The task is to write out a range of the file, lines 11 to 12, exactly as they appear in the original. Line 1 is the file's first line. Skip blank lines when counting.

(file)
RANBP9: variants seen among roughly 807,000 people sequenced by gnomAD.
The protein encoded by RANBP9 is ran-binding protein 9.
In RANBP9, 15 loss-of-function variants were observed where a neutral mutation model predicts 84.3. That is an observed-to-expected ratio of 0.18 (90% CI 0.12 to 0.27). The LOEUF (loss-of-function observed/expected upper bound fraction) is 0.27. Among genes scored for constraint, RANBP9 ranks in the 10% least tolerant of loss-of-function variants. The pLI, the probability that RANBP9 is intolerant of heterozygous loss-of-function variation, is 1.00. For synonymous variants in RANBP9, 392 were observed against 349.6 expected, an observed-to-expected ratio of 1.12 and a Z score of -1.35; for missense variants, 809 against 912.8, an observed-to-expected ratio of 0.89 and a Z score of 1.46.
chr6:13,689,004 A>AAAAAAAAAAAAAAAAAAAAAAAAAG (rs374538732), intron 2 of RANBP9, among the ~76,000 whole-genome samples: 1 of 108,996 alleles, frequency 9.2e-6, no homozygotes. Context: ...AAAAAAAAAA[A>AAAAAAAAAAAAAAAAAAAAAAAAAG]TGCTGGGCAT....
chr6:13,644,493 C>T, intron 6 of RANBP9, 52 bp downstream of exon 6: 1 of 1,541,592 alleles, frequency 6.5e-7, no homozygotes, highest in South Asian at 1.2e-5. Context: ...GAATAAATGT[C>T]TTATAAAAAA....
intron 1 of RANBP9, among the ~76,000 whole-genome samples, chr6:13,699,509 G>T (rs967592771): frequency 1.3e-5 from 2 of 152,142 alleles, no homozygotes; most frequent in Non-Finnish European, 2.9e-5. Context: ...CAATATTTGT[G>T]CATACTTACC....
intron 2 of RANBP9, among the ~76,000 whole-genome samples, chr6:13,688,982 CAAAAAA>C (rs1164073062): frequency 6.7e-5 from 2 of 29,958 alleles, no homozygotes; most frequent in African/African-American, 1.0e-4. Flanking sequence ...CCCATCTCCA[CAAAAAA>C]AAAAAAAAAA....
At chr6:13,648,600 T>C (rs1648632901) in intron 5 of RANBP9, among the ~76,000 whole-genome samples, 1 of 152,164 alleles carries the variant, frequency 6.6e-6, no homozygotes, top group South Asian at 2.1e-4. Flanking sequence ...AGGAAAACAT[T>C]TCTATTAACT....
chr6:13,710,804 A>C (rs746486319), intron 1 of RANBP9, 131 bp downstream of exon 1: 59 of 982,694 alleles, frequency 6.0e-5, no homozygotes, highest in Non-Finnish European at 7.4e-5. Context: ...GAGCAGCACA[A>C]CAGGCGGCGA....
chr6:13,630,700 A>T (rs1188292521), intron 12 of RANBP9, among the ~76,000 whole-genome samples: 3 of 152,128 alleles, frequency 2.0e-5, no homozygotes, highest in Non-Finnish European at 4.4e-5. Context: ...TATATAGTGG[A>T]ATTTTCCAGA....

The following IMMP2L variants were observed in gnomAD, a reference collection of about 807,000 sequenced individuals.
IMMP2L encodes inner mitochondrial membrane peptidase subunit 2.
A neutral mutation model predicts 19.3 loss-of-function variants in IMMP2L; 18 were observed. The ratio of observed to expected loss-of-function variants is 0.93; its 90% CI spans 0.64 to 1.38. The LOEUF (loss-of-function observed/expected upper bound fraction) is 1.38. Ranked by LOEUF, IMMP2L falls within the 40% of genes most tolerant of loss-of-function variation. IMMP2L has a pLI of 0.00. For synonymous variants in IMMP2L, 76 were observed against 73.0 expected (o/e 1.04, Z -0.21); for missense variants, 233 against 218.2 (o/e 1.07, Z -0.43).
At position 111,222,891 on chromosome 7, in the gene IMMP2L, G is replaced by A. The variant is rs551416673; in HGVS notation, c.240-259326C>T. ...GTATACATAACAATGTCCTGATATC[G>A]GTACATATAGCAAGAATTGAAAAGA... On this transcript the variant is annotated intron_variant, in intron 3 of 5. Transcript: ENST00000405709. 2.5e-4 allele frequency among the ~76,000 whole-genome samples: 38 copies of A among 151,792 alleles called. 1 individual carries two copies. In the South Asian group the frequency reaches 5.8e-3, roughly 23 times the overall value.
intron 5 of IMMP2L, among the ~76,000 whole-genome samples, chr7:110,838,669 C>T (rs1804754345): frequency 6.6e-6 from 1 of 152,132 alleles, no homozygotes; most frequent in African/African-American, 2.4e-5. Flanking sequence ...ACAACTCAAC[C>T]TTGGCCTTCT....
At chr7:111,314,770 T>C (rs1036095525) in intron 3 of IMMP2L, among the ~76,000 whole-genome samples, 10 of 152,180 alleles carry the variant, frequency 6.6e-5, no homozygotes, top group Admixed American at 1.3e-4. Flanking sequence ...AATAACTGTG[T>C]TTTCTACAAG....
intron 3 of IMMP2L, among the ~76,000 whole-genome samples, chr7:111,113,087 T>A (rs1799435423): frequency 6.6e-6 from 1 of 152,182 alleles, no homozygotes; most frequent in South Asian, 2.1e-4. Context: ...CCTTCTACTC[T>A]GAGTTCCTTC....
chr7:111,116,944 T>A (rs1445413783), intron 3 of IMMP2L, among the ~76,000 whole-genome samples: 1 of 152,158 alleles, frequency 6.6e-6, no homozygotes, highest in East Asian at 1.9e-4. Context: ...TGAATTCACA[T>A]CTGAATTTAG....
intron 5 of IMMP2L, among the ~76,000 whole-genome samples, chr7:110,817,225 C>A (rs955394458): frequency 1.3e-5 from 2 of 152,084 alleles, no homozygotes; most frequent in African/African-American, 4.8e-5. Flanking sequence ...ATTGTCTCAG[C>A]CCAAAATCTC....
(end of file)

The following IMMP2L variants were observed in gnomAD, a reference collection of about 807,000 sequenced individuals.
IMMP2L encodes inner mitochondrial membrane peptidase subunit 2.